Michelangelo Frammartino’s contemplative Le Quattro Volte (“The Four Times”) is inspired the “four-fold transmigration” of souls that Pythagoras proposed: the soul passes from human to animal to vegetable to, eventually, the eternal. That’s not something you need to know going in to this delicate film and you may not leave the it with that reading of the experience, but Frammartino clearly guides us through an interconnectedness of life (and death) through this little mountain village in Italy and, by extension, throughout the world.
The film opens and ends on smoke, an almost ethereal state that feels alive as it pools and eddies in the air and is carried along by the winds, yet is also a phantom of sorts, the ghost of past states of being scattered through the world. In between we observe the day to day routine of a old, sickly shepherd (his hacking cough peppers the soundtrack) struggling to march his little herd to the hills and back and dutifully ingesting his unconventional medicine every night until one morning he doesn’t get up. The screen fades to black (the nothingness of death?) and then, in a sudden cut, is back in the world with the birth of goat and a new cycle of birth and death and birth again. There is no dialogue and no explanation but the grace with which Frammartino carries us through these lives and states suggests a connection and a continuity.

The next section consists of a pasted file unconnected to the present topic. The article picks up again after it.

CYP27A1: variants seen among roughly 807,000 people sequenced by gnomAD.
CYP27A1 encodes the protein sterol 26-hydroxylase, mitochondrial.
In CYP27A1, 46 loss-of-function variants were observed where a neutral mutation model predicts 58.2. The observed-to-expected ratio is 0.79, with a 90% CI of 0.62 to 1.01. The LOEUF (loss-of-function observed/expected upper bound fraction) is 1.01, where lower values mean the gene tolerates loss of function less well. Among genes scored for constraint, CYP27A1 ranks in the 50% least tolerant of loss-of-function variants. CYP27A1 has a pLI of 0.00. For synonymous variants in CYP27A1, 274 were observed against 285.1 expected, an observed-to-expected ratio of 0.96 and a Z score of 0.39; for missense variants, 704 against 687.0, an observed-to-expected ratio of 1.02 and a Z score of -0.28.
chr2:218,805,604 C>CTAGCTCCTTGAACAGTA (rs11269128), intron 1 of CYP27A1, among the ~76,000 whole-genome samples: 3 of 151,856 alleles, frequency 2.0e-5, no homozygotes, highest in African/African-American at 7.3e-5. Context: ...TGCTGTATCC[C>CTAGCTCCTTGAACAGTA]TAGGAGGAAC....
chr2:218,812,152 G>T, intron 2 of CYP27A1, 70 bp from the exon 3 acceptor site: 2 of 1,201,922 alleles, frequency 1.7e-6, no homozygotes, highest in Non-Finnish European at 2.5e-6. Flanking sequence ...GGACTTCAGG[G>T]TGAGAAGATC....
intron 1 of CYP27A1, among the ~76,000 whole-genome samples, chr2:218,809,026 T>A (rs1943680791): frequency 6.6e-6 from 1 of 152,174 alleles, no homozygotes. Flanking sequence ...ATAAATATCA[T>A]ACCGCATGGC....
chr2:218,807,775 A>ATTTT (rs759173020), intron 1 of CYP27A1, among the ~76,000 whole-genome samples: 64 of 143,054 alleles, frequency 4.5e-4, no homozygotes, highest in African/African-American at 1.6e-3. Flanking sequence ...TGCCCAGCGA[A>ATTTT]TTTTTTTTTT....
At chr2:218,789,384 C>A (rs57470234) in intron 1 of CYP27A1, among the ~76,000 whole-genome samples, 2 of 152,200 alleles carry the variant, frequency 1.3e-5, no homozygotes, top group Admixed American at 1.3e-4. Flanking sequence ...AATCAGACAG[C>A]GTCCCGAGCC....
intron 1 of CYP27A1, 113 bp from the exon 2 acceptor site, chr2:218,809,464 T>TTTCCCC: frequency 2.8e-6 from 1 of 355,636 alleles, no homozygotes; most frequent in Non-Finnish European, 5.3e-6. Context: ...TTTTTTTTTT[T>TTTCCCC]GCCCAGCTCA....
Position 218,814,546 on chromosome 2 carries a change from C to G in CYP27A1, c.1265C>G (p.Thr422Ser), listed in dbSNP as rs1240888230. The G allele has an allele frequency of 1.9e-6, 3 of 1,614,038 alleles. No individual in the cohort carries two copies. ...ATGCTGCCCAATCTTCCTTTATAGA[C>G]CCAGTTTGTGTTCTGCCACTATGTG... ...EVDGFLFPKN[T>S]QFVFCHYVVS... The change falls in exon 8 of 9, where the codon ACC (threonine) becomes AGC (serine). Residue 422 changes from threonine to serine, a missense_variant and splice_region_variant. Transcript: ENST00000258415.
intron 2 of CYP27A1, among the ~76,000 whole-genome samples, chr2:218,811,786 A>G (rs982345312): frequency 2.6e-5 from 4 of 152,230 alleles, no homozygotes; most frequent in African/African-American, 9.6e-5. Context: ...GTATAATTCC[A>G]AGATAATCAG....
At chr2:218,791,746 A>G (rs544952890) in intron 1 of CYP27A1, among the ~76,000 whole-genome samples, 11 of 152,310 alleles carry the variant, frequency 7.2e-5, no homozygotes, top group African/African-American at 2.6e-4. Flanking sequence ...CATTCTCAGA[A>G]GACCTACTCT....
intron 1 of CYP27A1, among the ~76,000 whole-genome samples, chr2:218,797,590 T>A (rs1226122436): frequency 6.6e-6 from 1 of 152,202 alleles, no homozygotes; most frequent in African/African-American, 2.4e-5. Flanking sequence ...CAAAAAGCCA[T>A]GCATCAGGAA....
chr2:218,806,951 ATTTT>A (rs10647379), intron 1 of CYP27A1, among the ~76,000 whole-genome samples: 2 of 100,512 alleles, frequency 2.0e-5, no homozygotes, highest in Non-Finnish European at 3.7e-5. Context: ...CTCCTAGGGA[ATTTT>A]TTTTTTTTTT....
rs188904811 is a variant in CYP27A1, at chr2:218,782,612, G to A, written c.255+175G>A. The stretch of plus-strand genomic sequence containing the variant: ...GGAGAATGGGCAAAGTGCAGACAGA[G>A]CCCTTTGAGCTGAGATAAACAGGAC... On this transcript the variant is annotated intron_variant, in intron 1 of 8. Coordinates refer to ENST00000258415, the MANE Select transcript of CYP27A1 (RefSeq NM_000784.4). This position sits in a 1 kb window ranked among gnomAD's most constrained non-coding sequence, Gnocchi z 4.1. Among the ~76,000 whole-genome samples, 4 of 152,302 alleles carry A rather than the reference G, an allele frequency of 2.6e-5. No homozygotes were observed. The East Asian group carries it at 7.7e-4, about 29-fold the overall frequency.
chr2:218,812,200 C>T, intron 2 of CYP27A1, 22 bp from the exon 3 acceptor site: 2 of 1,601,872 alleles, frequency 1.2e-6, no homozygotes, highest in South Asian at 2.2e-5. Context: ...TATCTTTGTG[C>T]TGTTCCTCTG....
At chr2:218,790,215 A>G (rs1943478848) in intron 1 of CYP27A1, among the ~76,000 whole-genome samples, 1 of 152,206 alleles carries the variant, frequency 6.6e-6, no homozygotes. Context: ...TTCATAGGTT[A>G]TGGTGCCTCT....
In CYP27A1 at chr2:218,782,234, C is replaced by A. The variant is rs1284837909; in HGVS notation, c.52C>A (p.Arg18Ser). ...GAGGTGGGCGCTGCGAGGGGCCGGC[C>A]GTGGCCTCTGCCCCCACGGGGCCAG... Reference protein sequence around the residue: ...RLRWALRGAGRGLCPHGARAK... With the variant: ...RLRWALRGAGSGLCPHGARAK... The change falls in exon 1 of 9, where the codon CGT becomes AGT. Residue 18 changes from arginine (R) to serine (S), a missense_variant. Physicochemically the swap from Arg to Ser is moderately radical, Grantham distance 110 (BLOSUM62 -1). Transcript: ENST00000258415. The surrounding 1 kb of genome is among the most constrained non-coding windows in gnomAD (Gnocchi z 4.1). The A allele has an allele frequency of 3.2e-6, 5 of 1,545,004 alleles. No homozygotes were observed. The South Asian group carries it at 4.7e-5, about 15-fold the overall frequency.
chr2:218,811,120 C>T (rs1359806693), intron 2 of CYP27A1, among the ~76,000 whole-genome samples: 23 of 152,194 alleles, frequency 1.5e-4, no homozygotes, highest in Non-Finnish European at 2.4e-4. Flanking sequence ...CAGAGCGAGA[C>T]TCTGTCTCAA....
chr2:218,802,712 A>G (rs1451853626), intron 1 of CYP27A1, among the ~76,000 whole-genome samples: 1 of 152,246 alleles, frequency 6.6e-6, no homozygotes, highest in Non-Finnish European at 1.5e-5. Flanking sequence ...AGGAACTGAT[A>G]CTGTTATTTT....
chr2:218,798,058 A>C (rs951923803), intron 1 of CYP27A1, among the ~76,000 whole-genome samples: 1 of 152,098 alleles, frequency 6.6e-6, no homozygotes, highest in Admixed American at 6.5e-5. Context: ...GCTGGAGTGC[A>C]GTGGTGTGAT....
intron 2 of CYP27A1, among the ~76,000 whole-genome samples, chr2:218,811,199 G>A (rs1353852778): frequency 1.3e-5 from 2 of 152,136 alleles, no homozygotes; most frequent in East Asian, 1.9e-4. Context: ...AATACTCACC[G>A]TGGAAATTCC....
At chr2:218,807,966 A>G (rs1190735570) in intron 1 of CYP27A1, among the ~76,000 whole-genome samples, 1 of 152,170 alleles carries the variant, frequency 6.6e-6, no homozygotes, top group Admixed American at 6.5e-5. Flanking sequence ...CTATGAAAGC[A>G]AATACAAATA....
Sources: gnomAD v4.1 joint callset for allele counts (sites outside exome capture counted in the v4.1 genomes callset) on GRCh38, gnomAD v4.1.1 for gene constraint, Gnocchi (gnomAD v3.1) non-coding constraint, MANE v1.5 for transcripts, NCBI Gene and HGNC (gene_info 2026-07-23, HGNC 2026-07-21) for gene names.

It’s also a kind of stylized documentary of existence in this village, from the day-to-day rituals of work and rest to the holiday celebrations of its inhabitants through the seasons, such as the Easter procession of the Stations of the Cross and the raising of a totem in a village festival. It’s both an embrace of the comfort of ritual and certainly and acknowledgement of the magic of the unexpected and the accidental bringing change to routine.